Sometimes Christians fall into a trap from the pit of hell. We assume that grace means passivity. We are supposed “to let go and let God,” we think. When it comes to Christian living, we rest content in our sin so that “grace may abound.” But I want to assert that this mindset is lethal. God’s grace liberates us to fight, to work hard at breaking bad habits and forming new ones, and to not fall victim to our feelings and our circumstances. Grace tells us that our salvation rests completely on what Christ has done for us. But it then goes on to apply Christ’s work to transformation in us. If we lose the for us we are legalists. If we lose the in us we rob the gospel of its transforming power. If we lose either emphasis, we are not holding to a biblical gospel.
To make my point against passivity, let me show you 3 biblical metaphors that the New Testament authors use to describe the Christian life. A metaphor provides an image which helps us to understand a particular concept. It uses one concept that we are familiar with in order to express truth about another concept that the author is trying to explain. The 3 metaphors that we’re considering clearly explain the Christian life as a call to aggression. We don’t sit back and wait on the Spirit to work. Instead, the Spirit empowers us and enables us to aggressively pursue Christ with every ounce of energy we can muster.
Paul (and the writer of Hebrews/Paul?) uses the metaphor of a race in Phil. 3:13-14, 1 Cor. 9:24-27, 2 Tim. 4:7-8, and Heb. 12:1-2. What is striking about this metaphor is how often Paul uses it. It’s not something he just thought of one day. It seems more like it was the dominant metaphor of his life. He kept coming back to it. And at the end of his life, it was this metaphor that came to mind: “I have fought the good fight, I have finished the race, I have kept the faith” (2 Tim. 4:7). Paul uses this metaphor to show us that just as a runner is running for a perishable prize, we are running for an imperishable (1 Cor. 9:25). In order to obtain the prize, we must train as a runner would. We must exercise self-control and deny ourselves liberties. We must exercise discipline and godly habits of life. We find motivation to continue running by looking ahead to the finish line, where we find Christ who embodies our joy (Heb. 12:2) and our inheritance (2 Tim. 4:8).
Again, the predominant uses of this metaphor are found in Paul’s writings. Specifically in 2 Cor. 10:3-5, 2 Tim. 4:7-8, and Eph. 6:10-12, we find Paul comparing the Christian life to warfare. This means that we are to fight, that we have real enemies, and that there is great danger involved. We are to wield the spiritual weapons of the gospel (Eph. 6:10-20) against the spiritual enemies of God: Satan and his hosts (Eph. 6:12). The amount of passages that employ warfare imagery in the New Testament is too many to list here. But one thing is for sure: passivity is ruled out. War is violent. It involves personal sacrifice. It involves intense fighting. It means that we’re going to experience casualties; we’ll lose some battles. But ultimately, we look to the cross and resurrection where the war is already won.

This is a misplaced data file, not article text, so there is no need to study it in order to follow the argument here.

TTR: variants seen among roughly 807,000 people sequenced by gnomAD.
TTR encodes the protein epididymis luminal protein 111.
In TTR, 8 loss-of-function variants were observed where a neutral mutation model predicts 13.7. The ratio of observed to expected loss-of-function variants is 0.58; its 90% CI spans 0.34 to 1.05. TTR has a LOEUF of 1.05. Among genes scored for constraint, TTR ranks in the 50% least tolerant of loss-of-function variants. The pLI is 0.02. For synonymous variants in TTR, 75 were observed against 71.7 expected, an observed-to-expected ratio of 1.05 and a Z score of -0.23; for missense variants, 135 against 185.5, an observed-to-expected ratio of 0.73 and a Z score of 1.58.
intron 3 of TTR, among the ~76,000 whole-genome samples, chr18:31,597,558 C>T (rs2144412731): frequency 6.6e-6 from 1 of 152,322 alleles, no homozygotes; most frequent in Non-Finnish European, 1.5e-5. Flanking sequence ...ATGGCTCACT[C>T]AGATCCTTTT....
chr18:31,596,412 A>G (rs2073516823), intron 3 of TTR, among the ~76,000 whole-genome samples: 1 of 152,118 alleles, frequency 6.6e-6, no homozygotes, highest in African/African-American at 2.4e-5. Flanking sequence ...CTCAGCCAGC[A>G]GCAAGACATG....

3. Gird up your loins
I heard Barney Fife use this expression on The Andy Griffith Show recently. Three different New Testament authors use the expression or some semblance of it: Luke 12:35-36, 1 Peter 1:13, and Eph. 6:14. The expression is probably a reference to the Exodus, where God told his people to eat the Passover “with your belt fastened, your sandals on your feet, and your staff in your hand” (Ex. 12:11). They were to eat it in a ready position–ready to flee the land that had for so long held them in bondage. To understand the expression, we must familiarize ourselves with the way men dressed in those days. They wore long robes with a belt around the waist. If they ever did anything that required physical action, they would tuck the bottom of their robes into their belts in order to free their legs to move. The point being made in every instance of the expression’s use is to always be ready. Be prepared to move. Expect the unexpected. Don’t have a passive mind (1 Pet. 1:13). Be ready for the return of Christ, living every day in hardworking expectation (Luke 12:35-36).
Passivity is an enemy of the gospel.